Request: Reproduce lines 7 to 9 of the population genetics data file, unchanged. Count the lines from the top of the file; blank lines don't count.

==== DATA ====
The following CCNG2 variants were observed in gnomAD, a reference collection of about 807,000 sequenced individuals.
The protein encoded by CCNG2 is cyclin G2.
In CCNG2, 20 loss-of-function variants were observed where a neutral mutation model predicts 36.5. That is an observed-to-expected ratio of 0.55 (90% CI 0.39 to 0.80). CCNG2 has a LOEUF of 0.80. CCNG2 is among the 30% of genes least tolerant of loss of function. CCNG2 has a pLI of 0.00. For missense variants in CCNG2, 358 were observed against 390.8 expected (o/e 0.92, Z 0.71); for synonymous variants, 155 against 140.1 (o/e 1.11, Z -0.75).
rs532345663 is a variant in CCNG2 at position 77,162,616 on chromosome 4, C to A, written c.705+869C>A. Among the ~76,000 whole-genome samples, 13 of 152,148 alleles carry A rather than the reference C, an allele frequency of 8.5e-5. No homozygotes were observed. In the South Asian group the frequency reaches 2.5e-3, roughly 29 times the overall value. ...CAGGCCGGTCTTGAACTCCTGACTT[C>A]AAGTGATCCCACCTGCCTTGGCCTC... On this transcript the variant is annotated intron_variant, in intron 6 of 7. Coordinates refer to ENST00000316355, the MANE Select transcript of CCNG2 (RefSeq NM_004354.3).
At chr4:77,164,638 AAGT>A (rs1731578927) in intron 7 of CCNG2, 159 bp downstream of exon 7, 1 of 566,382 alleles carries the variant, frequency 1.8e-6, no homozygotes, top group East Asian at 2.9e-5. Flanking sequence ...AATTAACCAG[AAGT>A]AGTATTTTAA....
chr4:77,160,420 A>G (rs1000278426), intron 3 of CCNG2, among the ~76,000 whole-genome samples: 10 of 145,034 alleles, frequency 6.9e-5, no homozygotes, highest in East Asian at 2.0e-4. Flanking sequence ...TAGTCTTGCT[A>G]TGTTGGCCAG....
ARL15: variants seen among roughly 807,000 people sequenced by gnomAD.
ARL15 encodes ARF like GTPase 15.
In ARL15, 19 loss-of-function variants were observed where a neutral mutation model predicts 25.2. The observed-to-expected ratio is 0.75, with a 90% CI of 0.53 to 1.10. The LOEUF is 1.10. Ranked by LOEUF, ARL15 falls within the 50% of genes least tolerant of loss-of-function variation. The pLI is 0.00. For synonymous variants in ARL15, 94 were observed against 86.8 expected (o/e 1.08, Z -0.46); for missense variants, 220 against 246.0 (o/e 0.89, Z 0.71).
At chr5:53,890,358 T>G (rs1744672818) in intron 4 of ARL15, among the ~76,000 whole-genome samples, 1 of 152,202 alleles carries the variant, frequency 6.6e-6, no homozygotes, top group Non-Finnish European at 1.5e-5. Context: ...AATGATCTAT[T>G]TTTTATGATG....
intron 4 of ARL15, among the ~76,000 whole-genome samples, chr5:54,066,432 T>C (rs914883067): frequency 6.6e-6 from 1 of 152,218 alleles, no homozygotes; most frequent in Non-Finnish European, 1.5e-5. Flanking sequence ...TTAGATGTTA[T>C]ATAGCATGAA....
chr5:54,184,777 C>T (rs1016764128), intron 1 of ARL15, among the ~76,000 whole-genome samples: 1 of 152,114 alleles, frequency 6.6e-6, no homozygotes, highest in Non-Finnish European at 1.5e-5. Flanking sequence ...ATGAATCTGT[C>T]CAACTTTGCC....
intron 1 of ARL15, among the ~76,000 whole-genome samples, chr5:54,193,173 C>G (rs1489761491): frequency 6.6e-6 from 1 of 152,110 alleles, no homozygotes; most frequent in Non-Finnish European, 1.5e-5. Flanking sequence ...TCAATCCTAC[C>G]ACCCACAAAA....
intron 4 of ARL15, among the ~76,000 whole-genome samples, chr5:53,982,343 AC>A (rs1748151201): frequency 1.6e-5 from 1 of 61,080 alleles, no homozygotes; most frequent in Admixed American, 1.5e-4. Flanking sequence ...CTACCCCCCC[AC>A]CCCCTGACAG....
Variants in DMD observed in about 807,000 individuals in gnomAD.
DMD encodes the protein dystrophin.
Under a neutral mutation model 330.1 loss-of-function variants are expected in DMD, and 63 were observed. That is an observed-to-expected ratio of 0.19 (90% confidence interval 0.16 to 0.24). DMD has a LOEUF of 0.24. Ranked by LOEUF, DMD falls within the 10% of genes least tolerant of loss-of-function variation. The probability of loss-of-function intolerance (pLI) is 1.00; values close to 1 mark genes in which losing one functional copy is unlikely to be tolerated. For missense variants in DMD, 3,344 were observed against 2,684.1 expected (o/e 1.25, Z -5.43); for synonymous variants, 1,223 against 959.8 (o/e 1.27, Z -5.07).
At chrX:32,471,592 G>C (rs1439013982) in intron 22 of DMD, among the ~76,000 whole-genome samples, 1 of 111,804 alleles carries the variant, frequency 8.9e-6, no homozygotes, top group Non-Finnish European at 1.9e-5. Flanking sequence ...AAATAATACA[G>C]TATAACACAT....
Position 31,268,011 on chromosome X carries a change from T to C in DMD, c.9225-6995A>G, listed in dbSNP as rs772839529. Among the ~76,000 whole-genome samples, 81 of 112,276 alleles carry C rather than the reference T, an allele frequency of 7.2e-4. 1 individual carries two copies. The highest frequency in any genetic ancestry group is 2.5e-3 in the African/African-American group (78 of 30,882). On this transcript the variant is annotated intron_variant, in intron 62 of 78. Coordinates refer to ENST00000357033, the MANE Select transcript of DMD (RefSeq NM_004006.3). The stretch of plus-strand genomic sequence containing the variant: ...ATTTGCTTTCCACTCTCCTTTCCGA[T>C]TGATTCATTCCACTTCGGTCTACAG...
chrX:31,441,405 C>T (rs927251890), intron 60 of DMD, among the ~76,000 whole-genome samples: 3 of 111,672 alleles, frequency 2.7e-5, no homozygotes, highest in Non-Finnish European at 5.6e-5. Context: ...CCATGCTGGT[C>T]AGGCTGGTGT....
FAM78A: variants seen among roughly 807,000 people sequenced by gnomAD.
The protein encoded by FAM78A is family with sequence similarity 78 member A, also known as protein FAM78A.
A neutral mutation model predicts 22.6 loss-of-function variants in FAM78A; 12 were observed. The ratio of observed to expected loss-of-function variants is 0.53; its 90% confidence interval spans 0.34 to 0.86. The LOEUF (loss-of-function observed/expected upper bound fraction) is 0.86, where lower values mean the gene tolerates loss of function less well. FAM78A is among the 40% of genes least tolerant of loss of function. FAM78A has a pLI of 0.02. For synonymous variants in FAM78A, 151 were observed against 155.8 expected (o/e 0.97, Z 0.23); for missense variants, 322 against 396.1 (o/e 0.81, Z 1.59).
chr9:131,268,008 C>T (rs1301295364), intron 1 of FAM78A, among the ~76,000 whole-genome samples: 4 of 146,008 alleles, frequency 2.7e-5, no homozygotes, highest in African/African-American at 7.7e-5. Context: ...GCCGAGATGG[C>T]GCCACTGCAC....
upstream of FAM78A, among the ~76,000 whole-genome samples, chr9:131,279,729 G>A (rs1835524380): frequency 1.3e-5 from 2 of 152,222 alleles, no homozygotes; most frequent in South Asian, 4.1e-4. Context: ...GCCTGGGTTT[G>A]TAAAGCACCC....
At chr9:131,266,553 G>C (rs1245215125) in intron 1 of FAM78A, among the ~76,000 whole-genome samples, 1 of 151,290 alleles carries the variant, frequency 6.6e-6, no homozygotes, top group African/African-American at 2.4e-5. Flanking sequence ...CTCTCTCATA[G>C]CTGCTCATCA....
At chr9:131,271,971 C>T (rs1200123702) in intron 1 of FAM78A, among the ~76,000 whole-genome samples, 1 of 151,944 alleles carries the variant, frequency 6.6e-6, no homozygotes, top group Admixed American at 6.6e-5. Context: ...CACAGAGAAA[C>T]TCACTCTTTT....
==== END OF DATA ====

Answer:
ARL15: variants seen among roughly 807,000 people sequenced by gnomAD.
ARL15 encodes ARF like GTPase 15.
In ARL15, 19 loss-of-function variants were observed where a neutral mutation model predicts 25.2. The observed-to-expected ratio is 0.75, with a 90% CI of 0.53 to 1.10. The LOEUF is 1.10. Ranked by LOEUF, ARL15 falls within the 50% of genes least tolerant of loss-of-function variation. The pLI is 0.00. For synonymous variants in ARL15, 94 were observed against 86.8 expected (o/e 1.08, Z -0.46); for missense variants, 220 against 246.0 (o/e 0.89, Z 0.71).